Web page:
Kingsford experimented with a variety of briquette sizes and shapes to create a faster lighting briquette. In the R&D lab I saw several prototype press rolls, some that made great big briquettes, some that made very small ones, and some that made different shaped impressions in a briquette. Lab testing showed that some designs worked while others did not.
Ultimately, the old briquette size and shape with the addition of two parallel grooves in one side was chosen. These grooves create more surface area on the briquette, more edges where the briquette can catch fire, and more air circulation between briquettes.
Prototype grooved briquettes using the old product formula were sent to a number of consumers for field testing. Consumers reported that the prototype certainly lit faster, but they did not discern any difference in burn time, even though the addition of grooves resulted in a slight increase in burn time that could be measured in the test lab.
So Kingsford began working on different product formulas, ultimately deciding to add more “high quality ingredients”, most notably wood char, to give the new product a longer burn time that was both measurable in the test lab and noticeable to consumers.
I talked with Bob and Kelly about the three most common complaints I hear about Kingsford.
Bob said there’s no ammonia in the product and nothing that would produce ammonia during lighting or burning. Charcoal briquettes give off all sorts of compounds when burned, including sulfur oxides (SOx), nitrous oxides (NOx), volatile organic compounds (VOCs), and gases that have no taste or odor like carbon monoxide (CO) and carbon dioxide (CO2). Bob suggested that perhaps it was the SOx and some of the VOCs coming off the fire in the early stages of lighting that people find objectionable. However, as the fire intensifies, the heat of the fire consumes some of these compounds, which explains why the smell diminishes once the fire gets going.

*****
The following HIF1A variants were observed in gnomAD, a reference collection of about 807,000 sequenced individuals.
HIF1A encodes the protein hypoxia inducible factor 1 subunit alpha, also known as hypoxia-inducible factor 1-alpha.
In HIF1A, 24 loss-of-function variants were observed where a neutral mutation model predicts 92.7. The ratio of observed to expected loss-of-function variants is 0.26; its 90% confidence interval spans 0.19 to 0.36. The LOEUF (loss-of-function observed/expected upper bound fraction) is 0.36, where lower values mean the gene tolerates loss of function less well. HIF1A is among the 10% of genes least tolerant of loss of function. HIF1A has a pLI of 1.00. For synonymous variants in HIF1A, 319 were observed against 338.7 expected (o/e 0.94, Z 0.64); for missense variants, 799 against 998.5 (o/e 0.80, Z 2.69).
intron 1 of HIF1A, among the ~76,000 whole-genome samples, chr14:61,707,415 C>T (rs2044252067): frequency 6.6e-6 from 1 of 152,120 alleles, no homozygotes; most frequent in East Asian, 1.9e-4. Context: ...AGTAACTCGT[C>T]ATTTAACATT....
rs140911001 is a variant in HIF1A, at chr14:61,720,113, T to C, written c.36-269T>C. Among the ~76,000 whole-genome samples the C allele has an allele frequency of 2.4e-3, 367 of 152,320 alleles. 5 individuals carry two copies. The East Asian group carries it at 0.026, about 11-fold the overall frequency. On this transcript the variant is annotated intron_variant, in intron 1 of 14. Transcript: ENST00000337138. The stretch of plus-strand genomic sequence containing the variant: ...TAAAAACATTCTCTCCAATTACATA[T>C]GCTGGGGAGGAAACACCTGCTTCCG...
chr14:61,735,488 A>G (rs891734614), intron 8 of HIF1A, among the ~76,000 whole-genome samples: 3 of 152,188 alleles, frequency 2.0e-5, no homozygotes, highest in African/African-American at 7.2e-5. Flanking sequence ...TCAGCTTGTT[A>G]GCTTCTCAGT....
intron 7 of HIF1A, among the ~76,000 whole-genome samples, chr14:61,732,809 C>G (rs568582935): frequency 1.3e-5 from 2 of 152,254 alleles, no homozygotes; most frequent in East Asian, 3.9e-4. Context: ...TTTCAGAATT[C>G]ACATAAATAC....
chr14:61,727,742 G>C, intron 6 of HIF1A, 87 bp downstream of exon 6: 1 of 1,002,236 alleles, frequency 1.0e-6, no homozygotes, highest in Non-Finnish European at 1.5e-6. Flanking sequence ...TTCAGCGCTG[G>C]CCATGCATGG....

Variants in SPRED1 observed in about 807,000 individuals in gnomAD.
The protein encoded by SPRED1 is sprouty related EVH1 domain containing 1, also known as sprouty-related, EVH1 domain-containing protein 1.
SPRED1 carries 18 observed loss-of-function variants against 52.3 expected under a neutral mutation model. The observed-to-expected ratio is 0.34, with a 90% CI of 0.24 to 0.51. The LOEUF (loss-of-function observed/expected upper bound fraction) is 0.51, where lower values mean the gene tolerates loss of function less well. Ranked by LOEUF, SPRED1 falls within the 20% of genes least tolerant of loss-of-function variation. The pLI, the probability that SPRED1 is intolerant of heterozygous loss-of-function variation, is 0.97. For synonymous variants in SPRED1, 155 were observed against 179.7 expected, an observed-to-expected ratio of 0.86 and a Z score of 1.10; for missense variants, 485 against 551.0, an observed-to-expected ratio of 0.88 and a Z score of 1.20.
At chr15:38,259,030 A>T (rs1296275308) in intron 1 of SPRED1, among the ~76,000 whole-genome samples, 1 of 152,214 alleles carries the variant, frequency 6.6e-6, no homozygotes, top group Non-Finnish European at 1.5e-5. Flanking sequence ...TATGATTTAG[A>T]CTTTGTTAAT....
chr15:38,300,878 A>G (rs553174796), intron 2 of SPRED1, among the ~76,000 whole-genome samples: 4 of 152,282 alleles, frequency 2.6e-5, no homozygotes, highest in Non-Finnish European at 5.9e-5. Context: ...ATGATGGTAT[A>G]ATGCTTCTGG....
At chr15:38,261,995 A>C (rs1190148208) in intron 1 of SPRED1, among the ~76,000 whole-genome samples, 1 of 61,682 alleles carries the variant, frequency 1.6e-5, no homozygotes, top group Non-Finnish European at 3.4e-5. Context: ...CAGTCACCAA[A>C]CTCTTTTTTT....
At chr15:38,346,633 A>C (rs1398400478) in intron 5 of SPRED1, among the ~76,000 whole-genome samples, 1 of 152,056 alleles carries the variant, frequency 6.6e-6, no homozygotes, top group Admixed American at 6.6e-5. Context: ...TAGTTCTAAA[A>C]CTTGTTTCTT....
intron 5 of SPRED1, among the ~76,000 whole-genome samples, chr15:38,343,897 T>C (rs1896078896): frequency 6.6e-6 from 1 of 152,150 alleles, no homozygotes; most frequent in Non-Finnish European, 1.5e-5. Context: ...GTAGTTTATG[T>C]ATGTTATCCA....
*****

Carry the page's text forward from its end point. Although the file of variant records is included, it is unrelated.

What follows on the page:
My reading on the Internet about SOx indicates that it has a strong, pungent, stinging odor, so perhaps it is the major culprit. I’ve also read that burning raw wood releases all of the compounds listed above plus more. Lump charcoal has many of these compounds burned away during the charring process, which explains why it has less smell when burned than a charcoal briquette that contains sawdust and other heat-producing ingredients like Kingsford.
As a follow-up, I asked if there is a coating or a layer on the outside of a Kingsford briquette that smells funny at first, but then burns away with time. The answer is no. The product is continuous through and through.
Since we could not discuss ingredients, we were not able to discuss the specifics of why Kingsford produces the amount of ash it does. However, since the new product weighs 10% less than the old product and because it contains more wood char, it should produce about 10% less ash when burned in the same volume as old Kingsford.
Bob and Kelly expressed no health or safety concerns about using Kingsford in a continuous burn process like the Minion Method, nor does the Material Data Safety Sheet for Kingsford charcoal posted on The Clorox Company website.
different source woods
New production plant
For more information about new Kingsford, including frequently asked questions, read Kingsford Charcoal Briquets: New Design, New Formula For 2006.